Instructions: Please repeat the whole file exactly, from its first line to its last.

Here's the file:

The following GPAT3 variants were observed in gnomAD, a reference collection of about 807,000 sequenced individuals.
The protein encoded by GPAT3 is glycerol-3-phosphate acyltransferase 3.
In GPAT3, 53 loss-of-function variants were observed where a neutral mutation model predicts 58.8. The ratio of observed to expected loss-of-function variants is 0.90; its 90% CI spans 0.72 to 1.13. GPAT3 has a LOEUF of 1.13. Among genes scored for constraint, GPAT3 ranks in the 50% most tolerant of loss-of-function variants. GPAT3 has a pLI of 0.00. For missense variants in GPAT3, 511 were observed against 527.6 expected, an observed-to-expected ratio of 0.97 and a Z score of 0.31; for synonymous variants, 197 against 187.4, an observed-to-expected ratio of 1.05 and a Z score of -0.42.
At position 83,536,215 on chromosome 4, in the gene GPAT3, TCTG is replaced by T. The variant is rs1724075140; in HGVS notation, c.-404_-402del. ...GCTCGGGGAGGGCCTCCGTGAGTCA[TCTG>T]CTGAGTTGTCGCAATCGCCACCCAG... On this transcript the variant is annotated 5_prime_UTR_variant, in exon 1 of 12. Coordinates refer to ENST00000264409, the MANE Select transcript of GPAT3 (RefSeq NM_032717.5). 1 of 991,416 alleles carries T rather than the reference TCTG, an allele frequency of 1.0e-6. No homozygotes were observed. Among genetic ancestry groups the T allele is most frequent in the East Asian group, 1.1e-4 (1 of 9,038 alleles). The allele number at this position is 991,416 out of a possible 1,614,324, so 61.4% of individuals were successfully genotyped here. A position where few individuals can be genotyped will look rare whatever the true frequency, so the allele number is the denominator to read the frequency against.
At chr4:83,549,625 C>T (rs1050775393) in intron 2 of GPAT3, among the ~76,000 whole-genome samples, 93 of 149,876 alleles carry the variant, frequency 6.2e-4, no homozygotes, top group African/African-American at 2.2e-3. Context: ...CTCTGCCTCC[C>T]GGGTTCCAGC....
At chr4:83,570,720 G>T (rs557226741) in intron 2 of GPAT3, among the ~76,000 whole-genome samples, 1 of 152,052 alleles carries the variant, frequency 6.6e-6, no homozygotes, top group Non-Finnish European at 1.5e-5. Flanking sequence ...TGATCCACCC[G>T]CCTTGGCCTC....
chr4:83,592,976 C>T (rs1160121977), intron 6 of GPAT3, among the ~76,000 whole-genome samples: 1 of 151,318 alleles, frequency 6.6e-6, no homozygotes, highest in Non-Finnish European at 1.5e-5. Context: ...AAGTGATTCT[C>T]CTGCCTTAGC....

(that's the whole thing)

The following GPAT3 variants were observed in gnomAD, a reference collection of about 807,000 sequenced individuals.
The protein encoded by GPAT3 is glycerol-3-phosphate acyltransferase 3.
In GPAT3, 53 loss-of-function variants were observed where a neutral mutation model predicts 58.8. The ratio of observed to expected loss-of-function variants is 0.90; its 90% CI spans 0.72 to 1.13. GPAT3 has a LOEUF of 1.13. Among genes scored for constraint, GPAT3 ranks in the 50% most tolerant of loss-of-function variants. GPAT3 has a pLI of 0.00. For missense variants in GPAT3, 511 were observed against 527.6 expected, an observed-to-expected ratio of 0.97 and a Z score of 0.31; for synonymous variants, 197 against 187.4, an observed-to-expected ratio of 1.05 and a Z score of -0.42.
At position 83,536,215 on chromosome 4, in the gene GPAT3, TCTG is replaced by T. The variant is rs1724075140; in HGVS notation, c.-404_-402del. ...GCTCGGGGAGGGCCTCCGTGAGTCA[TCTG>T]CTGAGTTGTCGCAATCGCCACCCAG... On this transcript the variant is annotated 5_prime_UTR_variant, in exon 1 of 12. Coordinates refer to ENST00000264409, the MANE Select transcript of GPAT3 (RefSeq NM_032717.5). 1 of 991,416 alleles carries T rather than the reference TCTG, an allele frequency of 1.0e-6. No homozygotes were observed. Among genetic ancestry groups the T allele is most frequent in the East Asian group, 1.1e-4 (1 of 9,038 alleles). The allele number at this position is 991,416 out of a possible 1,614,324, so 61.4% of individuals were successfully genotyped here. A position where few individuals can be genotyped will look rare whatever the true frequency, so the allele number is the denominator to read the frequency against.
At chr4:83,549,625 C>T (rs1050775393) in intron 2 of GPAT3, among the ~76,000 whole-genome samples, 93 of 149,876 alleles carry the variant, frequency 6.2e-4, no homozygotes, top group African/African-American at 2.2e-3. Context: ...CTCTGCCTCC[C>T]GGGTTCCAGC....
At chr4:83,570,720 G>T (rs557226741) in intron 2 of GPAT3, among the ~76,000 whole-genome samples, 1 of 152,052 alleles carries the variant, frequency 6.6e-6, no homozygotes, top group Non-Finnish European at 1.5e-5. Flanking sequence ...TGATCCACCC[G>T]CCTTGGCCTC....
chr4:83,592,976 C>T (rs1160121977), intron 6 of GPAT3, among the ~76,000 whole-genome samples: 1 of 151,318 alleles, frequency 6.6e-6, no homozygotes, highest in Non-Finnish European at 1.5e-5. Context: ...AAGTGATTCT[C>T]CTGCCTTAGC....